In his will, Kaprow permitted other artists to re-stage his work. So for the Hayward show the curator, Stephanie Rosenthal, asked Rosemary Butcher to reinvent 18 Happenings in 6 Parts in ways that preserved its structure but changed most of the details. Dispensing with the grid, Butcher used an open-plan set made out of irregularly shaped plywood frames so the performers could move fluidly from one space to another as multiple events unfolded at the same time in multiple spaces.

The British artist Pablo Bronstein draped swags of heavy rope over the frames, making them look a little like curtains in a theatre. The experimental composer Edwin Burdis was responsible for the sound. Just like Kaprow, before the piece began Butcher gave each of her four participants a set of written instructions.

Now, however, they were told to imitate, drop, scold, accuse, shake, manhandle and hug their fellow performers. Spaces were trashed, paper and objects scattered, and at one moment an actor lay on the floor like a corpse in a mortuary.

Yet simply by using the actors she did — an older man and woman with a younger male and female couple — Butcher set up the possibility of a narrative. We were watching a play in which parents and children interact emotionally by arguing, loving, hating and forgiving. This is precisely what Kaprow did everything in his power to avoid. And yet, works of art must evolve or become they will petrify. The result was so ludicrously old-fashioned that it all but creaked. So, it was not a bad idea to update Kaprow, I just wish it had been done differently.

Terms and Conditions. Style Book. Weather Forecast. Accessibility links Skip to article Skip to navigation. Wednesday 03 June Richard Dorment loves the idea but hates the result. Something of a non-event: Kaprow's 18 Happenings in 6 Parts receives an unsatisfactory new airing at the Festival Hall. Related Articles. Art Reviews. In Art Reviews. Read more Art news here. Culture Galleries. More from the web. More from The Telegraph.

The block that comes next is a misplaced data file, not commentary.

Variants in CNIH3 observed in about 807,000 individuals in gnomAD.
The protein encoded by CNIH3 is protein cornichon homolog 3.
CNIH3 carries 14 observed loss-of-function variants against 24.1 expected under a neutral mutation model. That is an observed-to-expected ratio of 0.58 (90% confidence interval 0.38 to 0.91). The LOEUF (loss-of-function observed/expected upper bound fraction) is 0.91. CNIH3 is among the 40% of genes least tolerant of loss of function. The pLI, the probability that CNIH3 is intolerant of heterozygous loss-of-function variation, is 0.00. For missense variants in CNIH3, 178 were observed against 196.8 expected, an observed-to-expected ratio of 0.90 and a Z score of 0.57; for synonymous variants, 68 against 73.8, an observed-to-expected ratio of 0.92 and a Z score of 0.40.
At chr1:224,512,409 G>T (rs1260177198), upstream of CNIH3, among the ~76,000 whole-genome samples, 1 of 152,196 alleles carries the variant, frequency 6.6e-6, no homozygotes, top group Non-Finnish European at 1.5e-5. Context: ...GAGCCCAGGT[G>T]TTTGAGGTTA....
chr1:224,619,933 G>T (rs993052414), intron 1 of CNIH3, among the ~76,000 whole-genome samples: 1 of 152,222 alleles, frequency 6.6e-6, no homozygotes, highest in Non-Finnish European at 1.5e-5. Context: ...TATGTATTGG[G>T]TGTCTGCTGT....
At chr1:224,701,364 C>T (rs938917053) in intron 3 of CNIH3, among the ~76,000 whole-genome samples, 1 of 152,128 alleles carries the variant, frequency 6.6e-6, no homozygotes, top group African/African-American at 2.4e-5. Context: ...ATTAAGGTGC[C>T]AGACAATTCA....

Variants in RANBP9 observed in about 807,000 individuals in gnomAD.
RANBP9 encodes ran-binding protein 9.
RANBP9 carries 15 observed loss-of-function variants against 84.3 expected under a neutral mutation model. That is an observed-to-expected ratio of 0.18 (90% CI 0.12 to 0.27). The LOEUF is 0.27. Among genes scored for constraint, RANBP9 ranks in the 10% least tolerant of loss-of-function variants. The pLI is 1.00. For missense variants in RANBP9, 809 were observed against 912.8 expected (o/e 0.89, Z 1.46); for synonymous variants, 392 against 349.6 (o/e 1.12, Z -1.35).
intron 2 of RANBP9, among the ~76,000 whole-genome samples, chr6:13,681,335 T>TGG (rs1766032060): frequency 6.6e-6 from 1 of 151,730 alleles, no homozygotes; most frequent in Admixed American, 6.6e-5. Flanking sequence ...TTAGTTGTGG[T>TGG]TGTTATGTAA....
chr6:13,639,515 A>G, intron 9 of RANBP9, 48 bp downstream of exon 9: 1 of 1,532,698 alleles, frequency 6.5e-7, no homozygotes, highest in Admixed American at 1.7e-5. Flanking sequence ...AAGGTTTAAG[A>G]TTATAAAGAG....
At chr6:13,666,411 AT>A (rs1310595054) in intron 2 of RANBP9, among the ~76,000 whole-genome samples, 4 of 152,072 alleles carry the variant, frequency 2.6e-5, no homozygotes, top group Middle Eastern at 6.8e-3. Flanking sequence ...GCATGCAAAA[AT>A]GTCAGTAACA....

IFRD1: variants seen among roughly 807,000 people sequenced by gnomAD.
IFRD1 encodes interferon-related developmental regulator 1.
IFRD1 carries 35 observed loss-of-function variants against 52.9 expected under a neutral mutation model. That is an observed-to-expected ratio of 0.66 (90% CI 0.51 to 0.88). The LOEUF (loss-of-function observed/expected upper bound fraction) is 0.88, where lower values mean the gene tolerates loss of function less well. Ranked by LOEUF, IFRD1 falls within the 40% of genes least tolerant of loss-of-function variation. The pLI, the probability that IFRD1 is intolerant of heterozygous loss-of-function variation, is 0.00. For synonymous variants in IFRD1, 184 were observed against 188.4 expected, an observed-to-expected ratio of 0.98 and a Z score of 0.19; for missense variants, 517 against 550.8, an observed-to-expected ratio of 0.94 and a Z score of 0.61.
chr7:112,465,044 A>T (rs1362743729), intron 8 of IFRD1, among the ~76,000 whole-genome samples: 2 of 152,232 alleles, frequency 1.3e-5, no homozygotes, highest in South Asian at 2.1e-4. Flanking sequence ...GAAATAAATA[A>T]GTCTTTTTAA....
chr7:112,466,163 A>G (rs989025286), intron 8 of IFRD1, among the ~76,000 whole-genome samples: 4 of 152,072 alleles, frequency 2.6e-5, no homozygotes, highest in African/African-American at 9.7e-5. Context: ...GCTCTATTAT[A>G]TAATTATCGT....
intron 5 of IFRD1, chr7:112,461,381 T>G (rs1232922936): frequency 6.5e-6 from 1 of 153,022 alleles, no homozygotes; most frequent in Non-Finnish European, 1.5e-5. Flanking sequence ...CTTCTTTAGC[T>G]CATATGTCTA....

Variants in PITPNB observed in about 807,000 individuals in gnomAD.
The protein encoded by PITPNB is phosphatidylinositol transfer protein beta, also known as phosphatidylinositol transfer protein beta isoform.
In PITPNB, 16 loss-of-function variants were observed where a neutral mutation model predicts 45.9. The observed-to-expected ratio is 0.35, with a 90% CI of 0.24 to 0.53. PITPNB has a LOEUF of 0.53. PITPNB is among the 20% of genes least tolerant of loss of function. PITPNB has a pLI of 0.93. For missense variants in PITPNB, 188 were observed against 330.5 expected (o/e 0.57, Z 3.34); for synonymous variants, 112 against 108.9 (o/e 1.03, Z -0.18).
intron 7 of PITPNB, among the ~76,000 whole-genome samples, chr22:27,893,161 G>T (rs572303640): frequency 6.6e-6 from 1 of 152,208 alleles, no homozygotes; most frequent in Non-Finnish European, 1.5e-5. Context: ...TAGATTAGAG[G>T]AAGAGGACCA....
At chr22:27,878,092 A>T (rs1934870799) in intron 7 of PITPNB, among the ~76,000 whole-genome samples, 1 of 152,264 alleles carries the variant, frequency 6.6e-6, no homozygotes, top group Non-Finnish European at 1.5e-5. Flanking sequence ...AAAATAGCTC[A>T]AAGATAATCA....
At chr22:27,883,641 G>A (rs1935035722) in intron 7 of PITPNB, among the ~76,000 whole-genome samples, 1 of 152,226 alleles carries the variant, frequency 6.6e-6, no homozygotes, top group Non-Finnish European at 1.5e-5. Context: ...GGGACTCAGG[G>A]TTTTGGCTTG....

Allan Kaprow Artworks

Baby is an action collage, made from randomly assembled objects juxtaposed with cut-up pieces of Kaprow's own paintings. The only coherent and ordered element in the composition is in the formal arrangement of the elements into vertical strips. Kaprow produced the work in a frenzied, ritualistic process, influenced by the gestural quality of Pollock's action painting. Kaprow echoes the "combines" of Robert Rauschenberg in his synthesis of Pollock's technique with Cage's influence. Kaprow had moved toward an "unbound," three dimensional form, and was increasingly using found objects and everyday materials in an attempt to reconcile art with everyday experience, which would end up being his ultimate goal. Paper, metal foil, pieces of carpet, oil and plastic paint, chalk, linen on hardboard - Museum Moderner Kunst Ludwig Vienna. This work represents a shift from the art object to the surrounding environment.


Allan Kaprow's 18 Happenings in 6 Parts, Festival Hall, review